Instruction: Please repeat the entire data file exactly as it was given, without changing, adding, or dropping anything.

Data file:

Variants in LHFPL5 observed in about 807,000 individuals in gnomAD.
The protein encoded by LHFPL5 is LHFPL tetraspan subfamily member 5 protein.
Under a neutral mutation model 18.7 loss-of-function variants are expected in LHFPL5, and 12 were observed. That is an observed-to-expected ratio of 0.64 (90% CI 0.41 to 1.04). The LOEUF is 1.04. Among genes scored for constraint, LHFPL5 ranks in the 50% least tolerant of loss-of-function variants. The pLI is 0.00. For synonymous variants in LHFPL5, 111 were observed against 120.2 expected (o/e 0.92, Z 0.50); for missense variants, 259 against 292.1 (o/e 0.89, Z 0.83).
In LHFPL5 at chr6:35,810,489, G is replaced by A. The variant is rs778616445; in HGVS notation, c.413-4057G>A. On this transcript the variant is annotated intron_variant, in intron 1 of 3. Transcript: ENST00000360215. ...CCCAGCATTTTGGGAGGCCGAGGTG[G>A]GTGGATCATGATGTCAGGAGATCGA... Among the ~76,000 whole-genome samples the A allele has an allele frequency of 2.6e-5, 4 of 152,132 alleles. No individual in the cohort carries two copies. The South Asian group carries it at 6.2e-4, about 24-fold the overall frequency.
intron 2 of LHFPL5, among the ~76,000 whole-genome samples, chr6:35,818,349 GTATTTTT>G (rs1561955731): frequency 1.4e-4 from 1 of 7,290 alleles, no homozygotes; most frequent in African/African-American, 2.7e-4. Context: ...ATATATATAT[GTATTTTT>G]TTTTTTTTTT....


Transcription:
Variants in LHFPL5 observed in about 807,000 individuals in gnomAD.
The protein encoded by LHFPL5 is LHFPL tetraspan subfamily member 5 protein.
Under a neutral mutation model 18.7 loss-of-function variants are expected in LHFPL5, and 12 were observed. That is an observed-to-expected ratio of 0.64 (90% CI 0.41 to 1.04). The LOEUF is 1.04. Among genes scored for constraint, LHFPL5 ranks in the 50% least tolerant of loss-of-function variants. The pLI is 0.00. For synonymous variants in LHFPL5, 111 were observed against 120.2 expected (o/e 0.92, Z 0.50); for missense variants, 259 against 292.1 (o/e 0.89, Z 0.83).
In LHFPL5 at chr6:35,810,489, G is replaced by A. The variant is rs778616445; in HGVS notation, c.413-4057G>A. On this transcript the variant is annotated intron_variant, in intron 1 of 3. Transcript: ENST00000360215. ...CCCAGCATTTTGGGAGGCCGAGGTG[G>A]GTGGATCATGATGTCAGGAGATCGA... Among the ~76,000 whole-genome samples the A allele has an allele frequency of 2.6e-5, 4 of 152,132 alleles. No individual in the cohort carries two copies. The South Asian group carries it at 6.2e-4, about 24-fold the overall frequency.
intron 2 of LHFPL5, among the ~76,000 whole-genome samples, chr6:35,818,349 GTATTTTT>G (rs1561955731): frequency 1.4e-4 from 1 of 7,290 alleles, no homozygotes; most frequent in African/African-American, 2.7e-4. Context: ...ATATATATAT[GTATTTTT>G]TTTTTTTTTT....